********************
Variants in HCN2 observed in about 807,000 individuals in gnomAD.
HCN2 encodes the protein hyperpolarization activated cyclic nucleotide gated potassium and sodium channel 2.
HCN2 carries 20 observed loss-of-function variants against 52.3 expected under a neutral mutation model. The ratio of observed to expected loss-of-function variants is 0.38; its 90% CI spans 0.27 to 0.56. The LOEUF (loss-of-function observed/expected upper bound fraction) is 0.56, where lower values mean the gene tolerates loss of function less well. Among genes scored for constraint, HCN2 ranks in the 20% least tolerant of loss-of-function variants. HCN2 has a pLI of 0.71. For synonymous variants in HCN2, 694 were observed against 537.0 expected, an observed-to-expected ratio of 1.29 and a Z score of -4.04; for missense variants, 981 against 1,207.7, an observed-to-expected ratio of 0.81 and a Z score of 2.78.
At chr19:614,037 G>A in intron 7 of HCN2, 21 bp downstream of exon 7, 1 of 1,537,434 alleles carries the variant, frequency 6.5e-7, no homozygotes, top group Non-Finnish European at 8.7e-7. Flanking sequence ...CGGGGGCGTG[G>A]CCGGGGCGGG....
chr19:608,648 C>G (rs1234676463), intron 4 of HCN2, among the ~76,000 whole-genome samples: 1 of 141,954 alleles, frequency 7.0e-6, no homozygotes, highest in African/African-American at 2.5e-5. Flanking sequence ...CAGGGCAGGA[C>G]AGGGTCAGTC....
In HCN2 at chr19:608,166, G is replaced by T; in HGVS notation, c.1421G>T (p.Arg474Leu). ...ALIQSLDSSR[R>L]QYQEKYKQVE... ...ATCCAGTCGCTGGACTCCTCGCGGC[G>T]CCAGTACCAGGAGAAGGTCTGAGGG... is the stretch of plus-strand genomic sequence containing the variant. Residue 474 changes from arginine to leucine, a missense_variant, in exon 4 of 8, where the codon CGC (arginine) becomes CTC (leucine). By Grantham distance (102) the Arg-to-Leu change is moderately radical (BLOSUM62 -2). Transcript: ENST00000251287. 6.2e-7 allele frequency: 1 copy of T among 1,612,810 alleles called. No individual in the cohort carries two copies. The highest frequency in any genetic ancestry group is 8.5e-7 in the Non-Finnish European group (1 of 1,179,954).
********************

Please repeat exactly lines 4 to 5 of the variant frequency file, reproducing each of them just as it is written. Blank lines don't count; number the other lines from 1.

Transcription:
At chr19:614,037 G>A in intron 7 of HCN2, 21 bp downstream of exon 7, 1 of 1,537,434 alleles carries the variant, frequency 6.5e-7, no homozygotes, top group Non-Finnish European at 8.7e-7. Flanking sequence ...CGGGGGCGTG[G>A]CCGGGGCGGG....
chr19:608,648 C>G (rs1234676463), intron 4 of HCN2, among the ~76,000 whole-genome samples: 1 of 141,954 alleles, frequency 7.0e-6, no homozygotes, highest in African/African-American at 2.5e-5. Flanking sequence ...CAGGGCAGGA[C>G]AGGGTCAGTC....